How Low Will Earnings Estimates Go?

Note: The following is an excerpt from this week’s Earnings Trends report. You can access the full report that contains detailed historical actual and estimates for the current and following periods, please click here>>>

Here are the key points:

  • Estimates have been coming down sharply as analysts start coming to terms with the pandemic’s earnings impact. While the bulk of the estimate cuts are concentrated in Q2 and Q3, all four quarters of 2020 are now expected to suffer earnings declines relative to their respective year-earlier periods.


  • For 2020 Q1, total S&P 500 earnings or aggregate net income is now expected to decline -6.6% from the same period last year. This is down from close to +4% growth expected in early January. This is a bigger decline than we have seen in the comparable periods in recent quarters.


  • Q1 earnings are expected to be below the year-earlier level for 10 of the 16 Zacks sectors, with double-digit declines at Autos (-63.4% earnings decline), Aerospace (-34.4%), Energy (-40.4%), Basic Materials (-29.1%), Transportation (-33.9%), Industrial Products (-18.0%), Conglomerates (-12.1%), Consumer Discretionary (-14.7%) and Retail (-10.1%).


  • Sectors with positive earnings growth in Q1 include Technology (+0.6% earnings growth), Construction (+6.5%), Business Services (+5.6%), Medical (+2.0%), Consumer Staples (+0.5%), and Utilities (+1.5%).


  • Estimates for Q2 and Q3 are still falling, with Q2 earnings now expected to decline -12.9% and an -11.8% decline in Q3. Sectors suffering the brunt of estimate cuts in Q2 include Energy (-60.3% decline in earnings), Autos (-63.3%), Transportation (-55.6%), Aerospace (-32.2%). Other sectors with year-over-year earnings declines exceeding 20% include: Consumer Discretionary (-24.5%).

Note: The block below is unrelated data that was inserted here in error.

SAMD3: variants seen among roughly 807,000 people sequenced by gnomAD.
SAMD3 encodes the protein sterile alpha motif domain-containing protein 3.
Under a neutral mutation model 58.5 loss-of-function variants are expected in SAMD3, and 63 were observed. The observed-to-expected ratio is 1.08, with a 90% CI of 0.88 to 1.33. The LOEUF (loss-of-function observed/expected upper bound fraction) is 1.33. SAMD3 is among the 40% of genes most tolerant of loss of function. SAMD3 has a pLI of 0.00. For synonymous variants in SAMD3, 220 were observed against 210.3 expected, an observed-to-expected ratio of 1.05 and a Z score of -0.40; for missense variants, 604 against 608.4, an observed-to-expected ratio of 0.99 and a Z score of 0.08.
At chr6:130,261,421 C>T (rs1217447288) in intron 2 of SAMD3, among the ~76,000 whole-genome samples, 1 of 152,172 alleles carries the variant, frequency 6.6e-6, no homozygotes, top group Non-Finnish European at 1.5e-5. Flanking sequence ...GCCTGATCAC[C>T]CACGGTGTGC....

• Given the uncertain public health backdrop that is driving these estimates cuts, it is reasonable to expect still deeper cuts to estimates in the days and weeks ahead, particularly as companies report Q1 results and share their outlook for underlying business conditions during these unusual times. 


  • For full-year 2020, total earnings for the S&P 500 index are currently expected to be down -4.4% on +0.1% higher revenues. This is down from close to +8% at the start of the year. For reference, S&P 500 earnings declined -19.1% in 2008 and -3.4% in 2009, though that was admittedly a different type of downturn.


  • The implied ‘EPS’ for the index, calculated using current 2020 P/E of 16.7X and index close, as of March 31st, is $154.80, down from $161.94 in 2019. Using the same methodology, the index ‘EPS’ works out to $176.32 for 2021 (P/E of 14.7X). The multiples for 2020 and 2021 have been calculated using the index’s total market cap and aggregate bottom-up earnings for each year.


  • For the small-cap S&P 600 index, total Q1 earnings are now expected to be down -18.6% from the same period last year on -1.4% lower revenues. This would follow +1.8% earnings growth in the preceding period. The Q1 earnings growth picture would be even weaker had it not been for the strong growth in the Finance sector.